British pillbox on Eggjarnar near Vágur in Suðuroy

WW2 British Pillboxes in Akrabgerg Suðuroy Faroe Islands

British pillboxes or bunkers in Akraberg, the southernmost place in Suðuroy and the Faroe Islands

See also

Notes

  1. ^ The gravestone of the Royal New Zealand Air Force pilot Flying Officer H. J. G. Haeusler, aged 24, near Vágar Airport.[13]

References

  1. ^ James Miller, The North Atlantic Front: Orkney, Shetland, Faroe and Iceland at War (2004).
  2. ^ Niels Juel Arge, Stríðsárini VI (The Years of War VI) Archived September 30, 2007, at the Wayback Machine, at www.faroestamps.fo
  3. ^ Faroe Islands Paper Money - British Protectorate, Faerøerne, 1.10.1940 Emergency Issues Archived 2006-03-29 at the Wayback Machine, article on Faroese currency during the British occupation
  4. ^ Kurtzke, JF; Hyllested, K (Jan 1979). "Multiple sclerosis in the Faroe Islands: I. Clinical and epidemiological features". Ann Neurol. 5 (1): 6–21. doi:10.1002/ana.410050104. PMID 371519.
  5. ^ "multiple sclerosis". web.stanford.edu. Retrieved 2018-03-19.
  6. ^ Lauer, K (Jun 1986). "Some comments on the occurrence of multiple sclerosis in the Faroe Islands". Journal of Neurology. 233 (3): 171–173. doi:10.1007/BF00314427. PMID 3522812.
  7. ^ Brody, Jane E. "MS: A MEDICAL DETECTIVE STORY". Retrieved 2018-03-19.
  8. ^ Cooke, R. G. (2009). "MS in the Faroe Islands and the possible protective effect of early childhood exposure to the "MS agent"". Acta Neurologica Scandinavica. 82 (4): 230–233. doi:10.1111/j.1600-0404.1990.tb01611.x.
  9. ^ Kurtzke, JF; Heltberg, A (2001). "Multiple sclerosis in the Faroe Islands: an epitome". J Clin Epidemiol. 54 (1): 1–22. doi:10.1016/s0895-4356(00)00268-7. PMID 11165464.
  10. ^ Obituary of Sir Frederick Mason in The Times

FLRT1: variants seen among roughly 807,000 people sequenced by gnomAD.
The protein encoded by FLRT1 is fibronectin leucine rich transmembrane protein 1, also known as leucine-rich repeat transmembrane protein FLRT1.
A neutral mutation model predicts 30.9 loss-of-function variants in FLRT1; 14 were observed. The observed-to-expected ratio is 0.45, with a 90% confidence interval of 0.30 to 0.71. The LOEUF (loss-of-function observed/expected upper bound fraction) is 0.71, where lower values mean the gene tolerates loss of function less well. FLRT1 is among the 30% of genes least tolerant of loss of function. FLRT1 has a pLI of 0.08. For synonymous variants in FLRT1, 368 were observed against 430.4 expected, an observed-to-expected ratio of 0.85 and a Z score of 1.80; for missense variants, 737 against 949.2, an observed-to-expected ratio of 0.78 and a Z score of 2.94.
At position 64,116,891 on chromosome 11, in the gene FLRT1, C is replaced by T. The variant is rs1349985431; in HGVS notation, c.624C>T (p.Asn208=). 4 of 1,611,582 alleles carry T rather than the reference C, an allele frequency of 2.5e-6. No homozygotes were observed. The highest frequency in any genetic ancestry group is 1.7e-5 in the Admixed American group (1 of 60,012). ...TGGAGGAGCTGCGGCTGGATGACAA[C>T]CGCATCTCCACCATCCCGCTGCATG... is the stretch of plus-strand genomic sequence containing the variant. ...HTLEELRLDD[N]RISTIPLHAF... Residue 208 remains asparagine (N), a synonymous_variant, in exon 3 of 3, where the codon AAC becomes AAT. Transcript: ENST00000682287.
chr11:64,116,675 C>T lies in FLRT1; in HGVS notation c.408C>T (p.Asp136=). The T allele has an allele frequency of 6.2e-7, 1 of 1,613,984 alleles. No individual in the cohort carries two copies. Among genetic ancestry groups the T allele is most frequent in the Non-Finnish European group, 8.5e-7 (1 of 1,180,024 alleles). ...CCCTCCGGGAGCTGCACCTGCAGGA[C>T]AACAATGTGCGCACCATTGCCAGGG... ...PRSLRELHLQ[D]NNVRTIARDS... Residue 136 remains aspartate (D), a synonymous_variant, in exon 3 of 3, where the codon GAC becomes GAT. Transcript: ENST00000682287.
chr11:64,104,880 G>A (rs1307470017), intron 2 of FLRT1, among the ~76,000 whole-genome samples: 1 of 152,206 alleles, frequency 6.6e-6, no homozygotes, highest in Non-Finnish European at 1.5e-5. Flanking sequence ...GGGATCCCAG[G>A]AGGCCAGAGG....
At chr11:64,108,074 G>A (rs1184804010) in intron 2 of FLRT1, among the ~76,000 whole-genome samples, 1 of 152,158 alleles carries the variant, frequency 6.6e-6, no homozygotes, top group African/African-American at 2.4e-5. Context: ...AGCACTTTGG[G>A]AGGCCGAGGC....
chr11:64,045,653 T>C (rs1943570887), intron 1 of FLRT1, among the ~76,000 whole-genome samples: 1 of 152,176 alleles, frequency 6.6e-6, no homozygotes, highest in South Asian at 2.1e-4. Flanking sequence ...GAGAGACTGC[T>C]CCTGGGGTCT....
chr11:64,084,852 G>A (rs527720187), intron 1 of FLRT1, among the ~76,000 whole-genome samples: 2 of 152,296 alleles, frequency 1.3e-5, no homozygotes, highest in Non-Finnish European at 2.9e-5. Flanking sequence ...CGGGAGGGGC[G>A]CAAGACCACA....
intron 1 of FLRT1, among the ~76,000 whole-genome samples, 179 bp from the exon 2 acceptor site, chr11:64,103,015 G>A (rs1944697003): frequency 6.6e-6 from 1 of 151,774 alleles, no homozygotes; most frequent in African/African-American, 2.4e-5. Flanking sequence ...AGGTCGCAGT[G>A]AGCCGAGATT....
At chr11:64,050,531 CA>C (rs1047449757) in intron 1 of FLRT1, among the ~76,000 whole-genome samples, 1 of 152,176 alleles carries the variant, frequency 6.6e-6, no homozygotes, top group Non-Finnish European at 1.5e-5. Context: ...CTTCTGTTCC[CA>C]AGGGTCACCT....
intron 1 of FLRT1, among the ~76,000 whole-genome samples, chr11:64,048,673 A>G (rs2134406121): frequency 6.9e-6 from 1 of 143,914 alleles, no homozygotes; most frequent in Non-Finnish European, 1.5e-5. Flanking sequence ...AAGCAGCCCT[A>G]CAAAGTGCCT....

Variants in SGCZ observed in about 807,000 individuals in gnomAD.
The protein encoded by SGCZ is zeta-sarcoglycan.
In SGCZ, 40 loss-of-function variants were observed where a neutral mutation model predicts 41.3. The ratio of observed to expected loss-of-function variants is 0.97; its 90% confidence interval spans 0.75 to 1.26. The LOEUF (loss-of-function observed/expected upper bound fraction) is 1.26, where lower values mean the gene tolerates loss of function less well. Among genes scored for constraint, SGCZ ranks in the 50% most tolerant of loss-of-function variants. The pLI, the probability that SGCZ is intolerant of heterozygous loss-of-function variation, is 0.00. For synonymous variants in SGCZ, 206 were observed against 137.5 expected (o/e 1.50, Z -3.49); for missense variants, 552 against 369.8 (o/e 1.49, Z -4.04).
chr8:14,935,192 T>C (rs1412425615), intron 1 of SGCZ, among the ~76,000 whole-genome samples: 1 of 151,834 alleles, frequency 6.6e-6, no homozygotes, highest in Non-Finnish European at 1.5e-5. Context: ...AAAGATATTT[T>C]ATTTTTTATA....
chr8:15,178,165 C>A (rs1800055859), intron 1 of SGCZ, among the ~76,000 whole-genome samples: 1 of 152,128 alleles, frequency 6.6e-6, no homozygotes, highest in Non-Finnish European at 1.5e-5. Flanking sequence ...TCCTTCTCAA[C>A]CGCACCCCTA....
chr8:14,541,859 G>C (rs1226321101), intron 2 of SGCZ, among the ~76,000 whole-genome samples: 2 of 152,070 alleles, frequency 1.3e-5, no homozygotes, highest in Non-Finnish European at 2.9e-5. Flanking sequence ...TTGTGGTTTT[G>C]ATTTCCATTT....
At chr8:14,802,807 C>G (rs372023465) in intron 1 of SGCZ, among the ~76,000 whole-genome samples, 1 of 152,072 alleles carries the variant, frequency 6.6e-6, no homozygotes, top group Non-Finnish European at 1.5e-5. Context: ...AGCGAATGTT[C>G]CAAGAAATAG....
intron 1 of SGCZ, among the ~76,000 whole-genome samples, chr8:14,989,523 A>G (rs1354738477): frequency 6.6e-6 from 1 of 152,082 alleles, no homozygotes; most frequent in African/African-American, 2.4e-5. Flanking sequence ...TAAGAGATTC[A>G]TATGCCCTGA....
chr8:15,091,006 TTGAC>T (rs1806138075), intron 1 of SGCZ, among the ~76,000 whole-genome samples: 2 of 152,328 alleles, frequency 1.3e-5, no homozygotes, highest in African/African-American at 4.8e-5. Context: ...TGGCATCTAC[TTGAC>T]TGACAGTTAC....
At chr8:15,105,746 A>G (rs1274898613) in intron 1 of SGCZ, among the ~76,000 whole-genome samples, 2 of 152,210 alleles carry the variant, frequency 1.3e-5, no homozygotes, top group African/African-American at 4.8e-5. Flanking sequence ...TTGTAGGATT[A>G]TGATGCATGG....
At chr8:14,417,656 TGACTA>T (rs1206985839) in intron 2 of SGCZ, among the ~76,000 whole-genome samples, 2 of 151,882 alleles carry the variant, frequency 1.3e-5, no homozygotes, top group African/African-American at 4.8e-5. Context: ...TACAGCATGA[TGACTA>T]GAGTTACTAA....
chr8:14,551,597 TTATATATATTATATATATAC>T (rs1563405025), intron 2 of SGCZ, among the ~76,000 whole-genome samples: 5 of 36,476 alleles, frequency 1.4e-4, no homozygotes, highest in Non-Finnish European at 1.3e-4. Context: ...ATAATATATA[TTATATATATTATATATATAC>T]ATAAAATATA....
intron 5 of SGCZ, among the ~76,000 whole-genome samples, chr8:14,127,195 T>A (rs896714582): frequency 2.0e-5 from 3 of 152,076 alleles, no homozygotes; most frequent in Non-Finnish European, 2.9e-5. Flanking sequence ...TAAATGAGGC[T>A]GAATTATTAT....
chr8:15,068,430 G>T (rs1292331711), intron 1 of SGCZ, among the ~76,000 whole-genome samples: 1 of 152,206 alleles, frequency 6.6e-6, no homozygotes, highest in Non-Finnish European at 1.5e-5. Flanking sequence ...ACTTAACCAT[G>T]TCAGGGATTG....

11. ^ Jacobsen, Óli (10 November 2010). Sosialurin. Faroes. Missing or empty |title= (help)
  12. ^ History of the Faroese flag Archived 1999-02-24 at the Wayback Machine, Flags of the World
  13. ^ BBC.co.uk - WW2 People's War: Sole Survivor (about the surviving crew member of the plane crash), 30 December 2005

Further reading

  • Miller, James. The North Atlantic Front: Orkney, Shetland, Faroe, and Iceland at War (Edinburgh: Birlinn, 2003)
2. deild

2. deild, is the third tier of football in the Faroe Islands. It was originally the second tier; however, following a reorganization in 1976, it became a third tier league.

Faroe Islands Premier League

The Faroe Islands Premier League (known as Betri deildin menn for sponsorship reasons) is the top level of football in the Faroe Islands. It was founded in 2005, replacing 1. deild and it is organised by the Faroe Islands Football Association.

It is contested by 10 clubs. At the end of each season, two teams are relegated and two promoted from 1. deild. All teams in the league have semi-professional status.

As of December 2018 the Faroe Islands Premier League is ranked 50th out of 55 in the UEFA coefficient.

Faroese króna

The króna (plural: krónur; sign: kr) is the currency of the Faroe Islands. It is issued by Danmarks Nationalbank (Danish National Bank), the central bank of Denmark. It is not an independent currency but a version of the Danish krone. Consequently, it does not have an ISO 4217 currency code and instead shares that of the Danish krone, DKK. The króna is subdivided into 100 oyru(r).

Flag Day

A flag day is a flag-related holiday, a day designated for flying a certain flag (such as a national flag) or a day set aside to celebrate a historical event such as a nation's adoption of its flag.

Flag days are usually codified in national statutes passed by legislative bodies or parliaments; however, in some countries a decree or proclamation by the head of state or chief executive can also order a flag day. The statute or proclamation / decree may specify locations where flags are flown and how are they flown (for example, at full- or half-staff); alternatively, custom may prevail.

Gásadalur

Gásadalur (Danish: Gåsedal) is a village located on the west side of Vágar, Faroe Islands, and enjoys a panoramic view over to the island of Mykines.

Gásadalur is located on the edge of Mykinesfjørður, surrounded by the highest mountains on Vágar. Árnafjall towers to a height of 722 metres to the north, and Eysturtindur to the east is 715 metres high. Here too, the view south to Tindhólmur and Gáshólmur is quite magnificent. Eysturtindur translates directly to "the Peak in the East".The landing site is very poor, because it is located somewhat higher than the seashore. So if the residents wanted to fish they were obliged to keep their boats near Bøur. In 1940, during the British occupation of the Faroe Islands, a stairway was built from the beach up to the village.